NHL, you mentioned 28mm with a 1.6 focal multiplier is not going to be very wide. True, but 1.6 x 28 = 45mm effectively, which is still a bit wider than a 'standard' 50mm. Hence I thought to just get a decent 28mm lens, and use that as my default one.

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Old May 13, 2003, 6:11 AM   #9
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Quote:
NHL, you mentioned 28mm with a 1.6 focal multiplier is not going to be very wide. True, but 1.6 x 28 = 45mm effectively, which is still a bit wider than a 'standard' 50mm. Hence I thought to just get a decent 28mm lens, and use that as my default one.
...That's true; However I'm spoiled by my 28-200mm small and compact D7. You'll need 3 lenses and an already heavy body to lug around to cover all the angles... There's practically no difference between 45 and 50mm. It's the flexibility in composition and the change in perspective that you want. 28mm only is too much of a gap! Beside you'll waste some time changing the lens, and also exposed to the elements that can get between the lenses and the camera...

IMO f2.8 is more important in the long lens since its that shallow depht of field that you can't get with compact digicams! Of course you can get f2.8 in Canon's line but you'll be paying through your nose for it... That fixed Canon 50mm f1.0; however, you just can't get it anywhere else (Whoa an 80mm wide aperture equivalent on a 10D), imagine that for special effect! 8) 8) 8)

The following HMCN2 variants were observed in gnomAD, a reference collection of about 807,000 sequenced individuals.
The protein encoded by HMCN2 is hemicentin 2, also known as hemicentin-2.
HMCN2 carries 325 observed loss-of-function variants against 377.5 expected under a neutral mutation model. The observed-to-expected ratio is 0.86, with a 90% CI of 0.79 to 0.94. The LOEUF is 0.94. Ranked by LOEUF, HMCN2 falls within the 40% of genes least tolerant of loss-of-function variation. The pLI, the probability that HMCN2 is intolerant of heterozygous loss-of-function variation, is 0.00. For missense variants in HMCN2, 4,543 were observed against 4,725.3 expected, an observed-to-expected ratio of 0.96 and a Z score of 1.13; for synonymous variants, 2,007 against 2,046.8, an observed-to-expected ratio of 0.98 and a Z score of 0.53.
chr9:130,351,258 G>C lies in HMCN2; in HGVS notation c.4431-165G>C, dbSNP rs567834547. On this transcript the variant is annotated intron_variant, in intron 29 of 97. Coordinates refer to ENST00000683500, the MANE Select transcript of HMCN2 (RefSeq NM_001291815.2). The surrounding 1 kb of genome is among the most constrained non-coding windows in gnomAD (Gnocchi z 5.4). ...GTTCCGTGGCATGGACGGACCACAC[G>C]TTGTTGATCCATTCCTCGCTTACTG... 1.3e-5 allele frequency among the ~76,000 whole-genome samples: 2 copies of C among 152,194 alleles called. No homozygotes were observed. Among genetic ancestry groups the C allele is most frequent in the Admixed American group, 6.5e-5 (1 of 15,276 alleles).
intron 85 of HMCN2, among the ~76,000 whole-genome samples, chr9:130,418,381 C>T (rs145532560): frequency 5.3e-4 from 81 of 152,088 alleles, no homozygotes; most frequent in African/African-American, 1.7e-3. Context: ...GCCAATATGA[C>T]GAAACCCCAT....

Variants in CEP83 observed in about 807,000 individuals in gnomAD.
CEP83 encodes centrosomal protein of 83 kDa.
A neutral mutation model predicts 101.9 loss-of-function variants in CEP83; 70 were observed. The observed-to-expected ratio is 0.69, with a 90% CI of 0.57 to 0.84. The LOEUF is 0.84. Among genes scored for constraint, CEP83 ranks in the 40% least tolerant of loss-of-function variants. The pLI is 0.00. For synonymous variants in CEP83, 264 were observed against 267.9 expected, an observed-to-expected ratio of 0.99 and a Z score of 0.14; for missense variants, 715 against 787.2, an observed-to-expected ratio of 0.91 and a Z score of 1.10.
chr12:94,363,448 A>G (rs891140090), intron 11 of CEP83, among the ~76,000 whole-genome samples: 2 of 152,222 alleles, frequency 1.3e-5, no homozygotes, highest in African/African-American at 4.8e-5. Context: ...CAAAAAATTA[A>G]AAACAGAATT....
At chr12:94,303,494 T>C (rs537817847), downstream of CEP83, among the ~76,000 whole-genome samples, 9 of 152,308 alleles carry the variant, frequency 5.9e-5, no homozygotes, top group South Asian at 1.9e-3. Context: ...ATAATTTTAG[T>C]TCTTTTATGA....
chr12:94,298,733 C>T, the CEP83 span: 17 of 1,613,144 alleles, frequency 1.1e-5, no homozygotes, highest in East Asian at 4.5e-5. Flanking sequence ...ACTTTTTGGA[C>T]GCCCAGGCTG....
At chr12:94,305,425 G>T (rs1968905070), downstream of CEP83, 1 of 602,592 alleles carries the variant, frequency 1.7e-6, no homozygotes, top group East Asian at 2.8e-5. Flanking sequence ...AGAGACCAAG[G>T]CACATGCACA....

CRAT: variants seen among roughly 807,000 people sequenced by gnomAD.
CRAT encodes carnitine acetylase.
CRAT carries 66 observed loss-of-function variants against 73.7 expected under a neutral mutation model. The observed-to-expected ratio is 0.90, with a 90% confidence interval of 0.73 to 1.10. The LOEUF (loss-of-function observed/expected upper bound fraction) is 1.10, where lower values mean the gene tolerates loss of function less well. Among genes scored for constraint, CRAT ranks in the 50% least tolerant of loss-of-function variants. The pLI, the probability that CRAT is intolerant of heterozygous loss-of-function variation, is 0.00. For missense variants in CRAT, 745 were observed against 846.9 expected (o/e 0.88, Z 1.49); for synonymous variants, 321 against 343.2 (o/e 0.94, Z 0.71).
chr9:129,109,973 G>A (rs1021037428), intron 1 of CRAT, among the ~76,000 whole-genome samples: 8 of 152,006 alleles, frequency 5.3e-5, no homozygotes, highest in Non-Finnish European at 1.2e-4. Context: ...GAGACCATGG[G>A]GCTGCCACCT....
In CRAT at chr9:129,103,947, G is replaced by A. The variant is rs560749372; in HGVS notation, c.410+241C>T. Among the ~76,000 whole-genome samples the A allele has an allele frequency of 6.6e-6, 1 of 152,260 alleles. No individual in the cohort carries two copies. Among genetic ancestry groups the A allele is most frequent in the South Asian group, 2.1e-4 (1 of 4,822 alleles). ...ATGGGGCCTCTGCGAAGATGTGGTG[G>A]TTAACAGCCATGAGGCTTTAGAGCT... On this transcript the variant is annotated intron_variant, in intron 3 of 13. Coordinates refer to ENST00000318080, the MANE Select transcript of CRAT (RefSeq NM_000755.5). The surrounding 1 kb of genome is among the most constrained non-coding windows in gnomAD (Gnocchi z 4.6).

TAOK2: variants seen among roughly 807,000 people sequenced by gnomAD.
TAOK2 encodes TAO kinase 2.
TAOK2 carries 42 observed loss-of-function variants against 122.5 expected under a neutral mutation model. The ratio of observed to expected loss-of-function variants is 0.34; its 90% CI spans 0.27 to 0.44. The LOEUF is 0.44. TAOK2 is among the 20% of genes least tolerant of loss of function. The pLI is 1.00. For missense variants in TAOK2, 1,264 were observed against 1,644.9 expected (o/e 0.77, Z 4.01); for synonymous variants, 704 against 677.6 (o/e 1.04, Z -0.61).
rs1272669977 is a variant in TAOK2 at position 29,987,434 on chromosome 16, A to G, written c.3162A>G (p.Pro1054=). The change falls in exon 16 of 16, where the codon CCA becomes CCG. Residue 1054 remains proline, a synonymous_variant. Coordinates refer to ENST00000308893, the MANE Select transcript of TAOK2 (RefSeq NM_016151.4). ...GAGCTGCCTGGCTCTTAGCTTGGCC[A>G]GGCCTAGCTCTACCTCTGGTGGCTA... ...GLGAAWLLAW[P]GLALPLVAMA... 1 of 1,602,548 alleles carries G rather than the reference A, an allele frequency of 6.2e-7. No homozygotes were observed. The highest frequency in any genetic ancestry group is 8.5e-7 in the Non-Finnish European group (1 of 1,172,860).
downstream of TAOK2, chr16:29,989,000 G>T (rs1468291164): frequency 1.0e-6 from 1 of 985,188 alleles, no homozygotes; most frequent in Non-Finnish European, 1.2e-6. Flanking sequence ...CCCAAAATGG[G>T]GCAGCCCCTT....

IS is a nice to have but not essential... What have photographers done all this time? If you can't hold the camera steady then you shouln't be taking picture in the first place! What's wrong with just a monopod beside helping you scaling all thoses mountains? One can compensate for camera shake, but not the DOF!

BTW I still have that older Canon 50mm f1.2 lens but in FD mount. ops: ... I usually get what I want and re-sale is not an issue, since I'll always keep all my gears if not just for collecting...
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Old May 13, 2003, 8:38 AM   #10
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Thanks guys,

Really needed some help...cheers

I've read as many reviews / tech specs as i can for help, but i always seem to end up back at the start.

I Find something i want and then find something better, then on and on till i drive myself insane.

I think i need to just get out there and spend.

I'm not after the sharpest Lense in the world most of my work is going to be for websites(with the occasional blow up of myself Surfing) so doesn't need to be that brilliant.

I'm looking at about $400 U.S max, so yeah if there are Sigma lenses that compare to Cannon!! I'm There

Very much like to keep it all cannon though....Love the brand

Thanks,

Tim